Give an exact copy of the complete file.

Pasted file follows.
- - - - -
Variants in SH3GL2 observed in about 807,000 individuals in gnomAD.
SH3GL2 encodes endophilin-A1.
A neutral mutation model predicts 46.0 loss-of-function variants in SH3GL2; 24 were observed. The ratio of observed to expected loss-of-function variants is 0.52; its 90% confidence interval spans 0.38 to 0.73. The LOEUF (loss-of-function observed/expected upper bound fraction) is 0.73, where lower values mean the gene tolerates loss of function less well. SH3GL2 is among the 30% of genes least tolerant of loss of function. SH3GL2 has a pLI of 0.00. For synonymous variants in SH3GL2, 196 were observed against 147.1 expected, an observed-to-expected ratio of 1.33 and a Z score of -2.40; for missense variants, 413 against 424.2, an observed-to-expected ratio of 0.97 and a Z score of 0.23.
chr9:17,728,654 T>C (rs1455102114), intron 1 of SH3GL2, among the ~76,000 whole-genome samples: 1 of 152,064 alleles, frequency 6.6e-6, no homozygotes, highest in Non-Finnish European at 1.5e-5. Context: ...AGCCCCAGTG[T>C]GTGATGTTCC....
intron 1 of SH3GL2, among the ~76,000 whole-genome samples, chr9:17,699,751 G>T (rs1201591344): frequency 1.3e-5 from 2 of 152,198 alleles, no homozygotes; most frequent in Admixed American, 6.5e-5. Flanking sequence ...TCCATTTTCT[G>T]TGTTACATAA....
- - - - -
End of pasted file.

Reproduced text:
Variants in SH3GL2 observed in about 807,000 individuals in gnomAD.
SH3GL2 encodes endophilin-A1.
A neutral mutation model predicts 46.0 loss-of-function variants in SH3GL2; 24 were observed. The ratio of observed to expected loss-of-function variants is 0.52; its 90% confidence interval spans 0.38 to 0.73. The LOEUF (loss-of-function observed/expected upper bound fraction) is 0.73, where lower values mean the gene tolerates loss of function less well. SH3GL2 is among the 30% of genes least tolerant of loss of function. SH3GL2 has a pLI of 0.00. For synonymous variants in SH3GL2, 196 were observed against 147.1 expected, an observed-to-expected ratio of 1.33 and a Z score of -2.40; for missense variants, 413 against 424.2, an observed-to-expected ratio of 0.97 and a Z score of 0.23.
chr9:17,728,654 T>C (rs1455102114), intron 1 of SH3GL2, among the ~76,000 whole-genome samples: 1 of 152,064 alleles, frequency 6.6e-6, no homozygotes, highest in Non-Finnish European at 1.5e-5. Context: ...AGCCCCAGTG[T>C]GTGATGTTCC....
intron 1 of SH3GL2, among the ~76,000 whole-genome samples, chr9:17,699,751 G>T (rs1201591344): frequency 1.3e-5 from 2 of 152,198 alleles, no homozygotes; most frequent in Admixed American, 6.5e-5. Flanking sequence ...TCCATTTTCT[G>T]TGTTACATAA....